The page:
You Are Here
GA Journal: "GAdding About"
Saturday, June 17, 2006
Prepared for UUA.org by Doug Muder
General Assembly actually starts the day your program arrives in the mail. Mine arrived weeks ago, and I've been paging through it ever since, circling everything that looks interesting, and not worrying a whole lot about the limitations of the space/time continuum. There's some kind of psychological law at work here, and if no one else has named it yet I may try to claim it myself: Any day sufficiently far in the future seems to contain infinite time.
In reality, GA is five days long and has ten program sessions, some of which run concurrently. In addition, there are five plenary sessions that transact the business of the denomination, including the social and political issues we're going to take a collective stand on. (I'm not a delegate from my congregation, but that doesn't prevent me from getting in the door if I care to.) There are a number of big events, like the Ware Lecture (given by Mary Oliver this year), the Service of the Living Tradition, and the evening entertainment. And it's always fascinating to wander around the Exhibit Hall.
And that's just the official stuff. UU's from all over the country are converging, which means it's a rare opportunity for people of common interests to get together. I want to go to the reception for UU bloggers on Wednesday, and my checkered past has me on the lookout for both UU-Pagan and UU-Humanist events. Some of my friends from other parts of the country will be at GA, and I'll want to get together with them. They may want to introduce me to some other people, and I'll want to find time to get acquainted. I know a lot of UU's from the internet, by name and not by face, so I'll be scanning name tags hoping to find some old friend that I've never met.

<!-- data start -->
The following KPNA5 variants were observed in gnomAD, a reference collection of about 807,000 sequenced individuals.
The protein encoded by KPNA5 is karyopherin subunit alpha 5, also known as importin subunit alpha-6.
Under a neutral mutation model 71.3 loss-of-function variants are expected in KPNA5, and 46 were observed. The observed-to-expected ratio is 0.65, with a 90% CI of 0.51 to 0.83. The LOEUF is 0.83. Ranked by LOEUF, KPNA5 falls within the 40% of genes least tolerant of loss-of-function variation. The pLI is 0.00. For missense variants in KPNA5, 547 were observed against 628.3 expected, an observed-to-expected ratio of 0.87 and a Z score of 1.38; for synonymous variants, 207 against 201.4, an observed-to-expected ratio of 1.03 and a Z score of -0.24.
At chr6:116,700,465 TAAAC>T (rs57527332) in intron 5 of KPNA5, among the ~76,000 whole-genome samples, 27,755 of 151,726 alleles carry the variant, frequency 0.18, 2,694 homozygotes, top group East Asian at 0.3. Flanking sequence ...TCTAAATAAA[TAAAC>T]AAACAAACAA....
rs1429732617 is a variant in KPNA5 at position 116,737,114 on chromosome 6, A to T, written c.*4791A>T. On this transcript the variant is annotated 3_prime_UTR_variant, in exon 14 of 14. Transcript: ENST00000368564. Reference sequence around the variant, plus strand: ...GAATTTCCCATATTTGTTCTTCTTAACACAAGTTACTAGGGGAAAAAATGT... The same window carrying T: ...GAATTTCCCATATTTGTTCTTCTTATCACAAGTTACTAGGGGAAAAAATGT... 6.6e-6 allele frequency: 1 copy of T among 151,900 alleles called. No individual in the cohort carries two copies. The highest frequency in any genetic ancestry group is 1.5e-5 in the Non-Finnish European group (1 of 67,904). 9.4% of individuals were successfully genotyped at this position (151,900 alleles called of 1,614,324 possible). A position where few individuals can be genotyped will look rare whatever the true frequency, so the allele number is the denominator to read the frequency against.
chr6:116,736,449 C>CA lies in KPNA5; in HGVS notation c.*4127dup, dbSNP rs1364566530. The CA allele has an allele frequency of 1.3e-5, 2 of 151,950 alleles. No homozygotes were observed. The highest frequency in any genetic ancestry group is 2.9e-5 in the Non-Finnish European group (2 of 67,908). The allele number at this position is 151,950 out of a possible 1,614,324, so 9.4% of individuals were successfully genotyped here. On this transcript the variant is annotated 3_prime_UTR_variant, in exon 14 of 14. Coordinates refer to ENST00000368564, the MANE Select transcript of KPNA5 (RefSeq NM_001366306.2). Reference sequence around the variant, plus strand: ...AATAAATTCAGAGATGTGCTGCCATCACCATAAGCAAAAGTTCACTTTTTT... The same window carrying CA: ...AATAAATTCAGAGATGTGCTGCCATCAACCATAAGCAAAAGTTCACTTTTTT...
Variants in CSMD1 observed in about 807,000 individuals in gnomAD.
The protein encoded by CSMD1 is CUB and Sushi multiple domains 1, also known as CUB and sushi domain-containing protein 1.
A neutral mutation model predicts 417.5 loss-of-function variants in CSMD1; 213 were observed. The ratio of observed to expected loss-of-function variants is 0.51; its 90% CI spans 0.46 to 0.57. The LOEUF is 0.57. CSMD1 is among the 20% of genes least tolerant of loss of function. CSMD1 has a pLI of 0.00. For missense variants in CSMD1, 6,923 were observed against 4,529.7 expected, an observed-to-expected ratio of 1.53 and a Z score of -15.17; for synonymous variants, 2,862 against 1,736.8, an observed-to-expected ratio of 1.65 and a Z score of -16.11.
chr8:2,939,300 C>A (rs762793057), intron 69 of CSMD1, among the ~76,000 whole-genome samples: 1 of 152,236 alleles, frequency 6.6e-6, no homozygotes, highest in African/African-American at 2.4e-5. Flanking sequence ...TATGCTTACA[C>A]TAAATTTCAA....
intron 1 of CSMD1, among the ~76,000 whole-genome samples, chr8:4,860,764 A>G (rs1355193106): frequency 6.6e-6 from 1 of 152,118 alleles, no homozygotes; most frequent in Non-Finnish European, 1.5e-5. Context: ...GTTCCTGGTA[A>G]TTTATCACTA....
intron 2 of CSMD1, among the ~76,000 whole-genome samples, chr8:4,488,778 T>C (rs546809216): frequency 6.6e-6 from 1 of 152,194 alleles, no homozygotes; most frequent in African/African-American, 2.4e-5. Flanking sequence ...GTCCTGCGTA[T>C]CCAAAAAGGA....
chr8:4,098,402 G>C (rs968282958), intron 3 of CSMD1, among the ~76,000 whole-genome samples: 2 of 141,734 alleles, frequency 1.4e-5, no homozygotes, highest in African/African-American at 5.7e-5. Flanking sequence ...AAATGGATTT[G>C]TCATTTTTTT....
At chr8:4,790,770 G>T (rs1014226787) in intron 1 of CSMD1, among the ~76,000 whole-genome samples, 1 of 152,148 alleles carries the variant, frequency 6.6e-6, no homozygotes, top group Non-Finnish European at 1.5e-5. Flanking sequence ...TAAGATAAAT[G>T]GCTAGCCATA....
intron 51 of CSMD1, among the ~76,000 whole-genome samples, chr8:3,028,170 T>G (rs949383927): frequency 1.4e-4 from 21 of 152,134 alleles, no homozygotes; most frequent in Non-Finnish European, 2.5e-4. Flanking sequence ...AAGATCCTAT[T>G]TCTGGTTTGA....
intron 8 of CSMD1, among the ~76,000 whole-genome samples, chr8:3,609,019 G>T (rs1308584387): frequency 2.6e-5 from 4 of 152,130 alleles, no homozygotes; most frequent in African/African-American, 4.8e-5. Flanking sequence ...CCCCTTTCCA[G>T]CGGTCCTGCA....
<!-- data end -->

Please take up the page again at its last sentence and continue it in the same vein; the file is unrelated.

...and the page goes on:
And that's just UU stuff. There's also St. Louis. It may not be Paris, but it's a fine old city with a lot to see. I should know; I grew up about 120 miles upriver in Quincy, Illinois—a Mississippi River port that sits between Mark Twain's Hannibal and Joseph Smith's Nauvoo. (Returning to St. Louis is actually making me feel old. It's the 40th anniversary year of the Gateway Arch; I saw it the first year, when I was nine. This is also the first season of the Cardinals' new baseball park; I remember when the previous park was new.) I'm spending the weekend before GA visiting my parents, and I plan to escape from GA for an evening to have dinner with a high school buddy who lives in a St. Louis suburb now.
And everybody else is going to be just as overbooked as I am, so I want to be a calming influence. UUism shouldn't be about racing around madly, like movie characters on fast-forward. I want to savor the day. I want to taste my coffee. I want to be the kind of person who says, "No, I mean it. How are you really?"
So that's my plan. I'm going to be calm and well-rested, grounded and centered. I'm going to see everything, talk to everybody, and write about most of it.
Why not? I don't arrive in St. Louis until Tuesday. Five days seems like an infinite amount of time